Elk Creek & Lake Erie Gorges   Dale J. Luthringer
  Sep 17, 2003 07:12 PDT 

My Jack Russell (J.R.) and I took our first walk into the reported "old
growth" area in the vicinity of Elk Creek in Erie County bordering Lake
Erie. I'm hoping I just walked around its boundaries today. I saw a
number of old tuliptrees, N. red oak, Am. beech, and sugar maple, some
that I believe would surpass 250 years, but they were very spread out.
I'll be meeting with a contact from the conservancy in early October who
I hope will show me the meat of the site and give me a brief history of
the area.

I haven't seen anything that I would classify as old growth yet, but
there is some promise to this site. My first trip yesterday was just to
get an idea of the boundaries and what may be in store. All of the area
I walked today was selectively logged years ago. Evidence of coppiced
trees and tip-up mounds with no logs were throughout the entire area
except the very steep gorges that dropped quickly down to the Lake Erie
shoreline. All the flats were logged with some areas marked to be
logged (black cherry & sugar maple in particular).

This area definitely deserves another look. I didn't investigate all
the steep gorges in this site and did find a couple of dandies just
inside the woods adjacent to a nearby cornfield.

The best find of the day was a massive tuliptree at 14.7ft CBH x
111.1+ft high. This is a very old tuliptree. I'd say definitely over
250 if not more. This is the largest forest grown tulip that I've
measured in PA. About 75% of the trunk of this tree was bald to about
6ft up from its base, then very deeply furrowed above that. The top has
weathered many storms, but is growing quite well. I didn't take the
time to get a better height, because I only had about an 1.5 hrs to
cover a 2-3 mile track around the border of this property. This tree
was definitely stimulating enough to warrant an ENTS yell.

About 30 yards from this tulip was a large double N. red oak. One side
had recently fallen, but the other side was respectable at 12.5ft CBH x
83.1+ft. Another large N. red nearby yielded 13.4ft CBH x 105.1+ft.
There were some large trees on the flats at the edges of steep ravines,
and I mean steep. 'J.R.' and I made our way down one to get to the
lake. I actually felt claustrophobic. The sides of these ravines were
very muddy and quite slick. The only way you could make it down was to
actually walk in the creek bed. The sides of the ravine really felt like
they were pushing in on you, like you could touch each wall with arms
outstretched. Spiders loved it. They had the whole area webbed off.
which isn't good if you have a "slight" phobia of spiders. There was a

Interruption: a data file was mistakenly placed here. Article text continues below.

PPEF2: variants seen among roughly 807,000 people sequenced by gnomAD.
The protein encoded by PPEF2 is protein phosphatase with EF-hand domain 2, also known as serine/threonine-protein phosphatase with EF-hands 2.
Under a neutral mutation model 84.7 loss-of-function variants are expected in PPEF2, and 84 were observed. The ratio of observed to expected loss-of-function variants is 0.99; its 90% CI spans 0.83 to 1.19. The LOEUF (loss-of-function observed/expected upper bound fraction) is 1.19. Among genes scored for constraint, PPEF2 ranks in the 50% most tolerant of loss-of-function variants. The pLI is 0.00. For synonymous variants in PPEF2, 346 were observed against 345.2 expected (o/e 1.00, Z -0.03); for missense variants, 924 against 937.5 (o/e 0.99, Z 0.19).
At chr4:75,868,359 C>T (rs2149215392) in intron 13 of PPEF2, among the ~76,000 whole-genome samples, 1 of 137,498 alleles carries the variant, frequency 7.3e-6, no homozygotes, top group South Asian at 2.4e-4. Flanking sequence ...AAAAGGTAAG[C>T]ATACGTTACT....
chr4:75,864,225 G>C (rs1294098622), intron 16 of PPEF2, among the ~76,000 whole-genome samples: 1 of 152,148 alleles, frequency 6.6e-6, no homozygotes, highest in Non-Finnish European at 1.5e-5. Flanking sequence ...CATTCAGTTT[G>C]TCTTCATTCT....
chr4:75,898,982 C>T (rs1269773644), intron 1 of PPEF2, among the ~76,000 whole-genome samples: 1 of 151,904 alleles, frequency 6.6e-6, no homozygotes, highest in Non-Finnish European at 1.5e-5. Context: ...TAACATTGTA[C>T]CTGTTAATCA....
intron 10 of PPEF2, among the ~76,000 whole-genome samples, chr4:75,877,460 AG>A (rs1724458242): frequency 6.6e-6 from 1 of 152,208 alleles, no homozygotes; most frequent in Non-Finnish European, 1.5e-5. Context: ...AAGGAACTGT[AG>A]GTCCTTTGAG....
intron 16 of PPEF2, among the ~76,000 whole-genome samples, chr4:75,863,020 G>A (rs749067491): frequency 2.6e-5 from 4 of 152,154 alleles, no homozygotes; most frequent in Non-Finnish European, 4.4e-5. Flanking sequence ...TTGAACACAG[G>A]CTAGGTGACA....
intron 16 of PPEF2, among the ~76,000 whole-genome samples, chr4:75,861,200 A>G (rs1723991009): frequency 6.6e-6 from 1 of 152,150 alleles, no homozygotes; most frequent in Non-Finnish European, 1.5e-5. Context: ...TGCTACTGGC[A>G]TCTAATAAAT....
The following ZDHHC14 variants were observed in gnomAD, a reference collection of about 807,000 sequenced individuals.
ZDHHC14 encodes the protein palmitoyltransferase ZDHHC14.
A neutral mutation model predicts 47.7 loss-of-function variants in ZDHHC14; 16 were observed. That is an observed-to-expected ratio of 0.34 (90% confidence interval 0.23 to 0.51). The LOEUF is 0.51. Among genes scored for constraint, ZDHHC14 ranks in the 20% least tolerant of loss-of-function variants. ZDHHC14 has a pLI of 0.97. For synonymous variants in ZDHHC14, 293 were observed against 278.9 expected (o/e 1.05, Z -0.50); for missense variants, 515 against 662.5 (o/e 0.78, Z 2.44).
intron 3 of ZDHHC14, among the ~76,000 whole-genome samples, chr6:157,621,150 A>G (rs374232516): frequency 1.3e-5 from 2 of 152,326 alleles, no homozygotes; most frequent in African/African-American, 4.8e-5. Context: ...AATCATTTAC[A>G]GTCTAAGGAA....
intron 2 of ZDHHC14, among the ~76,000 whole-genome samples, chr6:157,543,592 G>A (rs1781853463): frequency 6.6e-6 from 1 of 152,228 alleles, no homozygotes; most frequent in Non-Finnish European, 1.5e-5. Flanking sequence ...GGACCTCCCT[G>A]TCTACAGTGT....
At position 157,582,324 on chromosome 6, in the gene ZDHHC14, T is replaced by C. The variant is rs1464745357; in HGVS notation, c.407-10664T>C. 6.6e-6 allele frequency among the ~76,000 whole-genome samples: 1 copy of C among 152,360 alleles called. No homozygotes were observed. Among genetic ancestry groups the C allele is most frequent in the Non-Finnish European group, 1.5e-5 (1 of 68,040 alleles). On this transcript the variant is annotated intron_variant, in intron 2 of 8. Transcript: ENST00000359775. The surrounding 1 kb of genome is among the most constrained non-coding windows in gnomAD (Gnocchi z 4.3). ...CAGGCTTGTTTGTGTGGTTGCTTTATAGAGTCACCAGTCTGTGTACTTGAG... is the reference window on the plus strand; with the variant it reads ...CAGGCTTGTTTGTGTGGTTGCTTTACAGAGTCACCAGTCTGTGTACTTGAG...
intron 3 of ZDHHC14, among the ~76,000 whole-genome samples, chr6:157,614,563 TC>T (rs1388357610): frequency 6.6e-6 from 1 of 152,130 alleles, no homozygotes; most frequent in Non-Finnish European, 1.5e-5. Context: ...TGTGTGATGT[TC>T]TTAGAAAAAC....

nice beech and tulip at the edge of this specific ravine (beech 9.1ft
CBH x 101.5+, tulip 12.7ft CBH x 105.1+). That makes a total of 3 more
trees to be entered into the 12x100 Club.

The hike started from the Elk Creek Access Area parking lot. There is
an old ATV trail at the west side of the parking lot. I followed that
to the top of the hill, then skirted the ridgeline west passing a nice
bowl shaped depression with mature trees to my left to a large
cornfield. I followed the cornfield west until I observed a drainage,
then cut into the woods north. This is where I virtually stepped into
the large tuliptree. If I hadn't stepped into the woods, I probably
would've missed this tree due to the thick vegetation surrounding the
field. I then worked my way north and west towards and along the bluffs
of Lake Erie checking out a couple of the steep ravines. they were all
treacherous. I'd classify most of the area I walked as mature 2nd
growth with a few scattered old trees. Logging here was quite evident,
while other areas may have been logged 100-150 years ago (old Am.
chestnut stumps were in the area).   J.R. and I chose a ravine that
seemed a little less treacherous down to the lake, then walked the rock
rubble strewn beach about a 1.5 miles back to where Elk Creek dumps into
Lake Erie. I also gave her a bath in the lake which she didn't like.
wife doesn't like a dirty smelly dog in bed. There was about a
200-250ft drop in elevation from the bluff to the lake. I'm definitely
anxious to return to check out the steep ravines that I passed on my
peripheral outing yesterday. The day's catch as follows:

Species            CBH     Height   Status

Am. beech        9.1        101.5+ (beautiful beech on the edge of
steep ravine, too bad some moron carved into it)

Cottonwood       N/A       78         (on bluff, just for Bob)

N. red oak         8.8        93.1+
N. red oak         12.5      83.1+
N. red oak         13.4      105.1+ new 12x100 Club

Tuliptree            12.7      105.1+ new 12x100 Club
Tuliptree            14.7      111.1+ new forest grown CBH record, new
12x100 Club

White ash         7.9        102.1+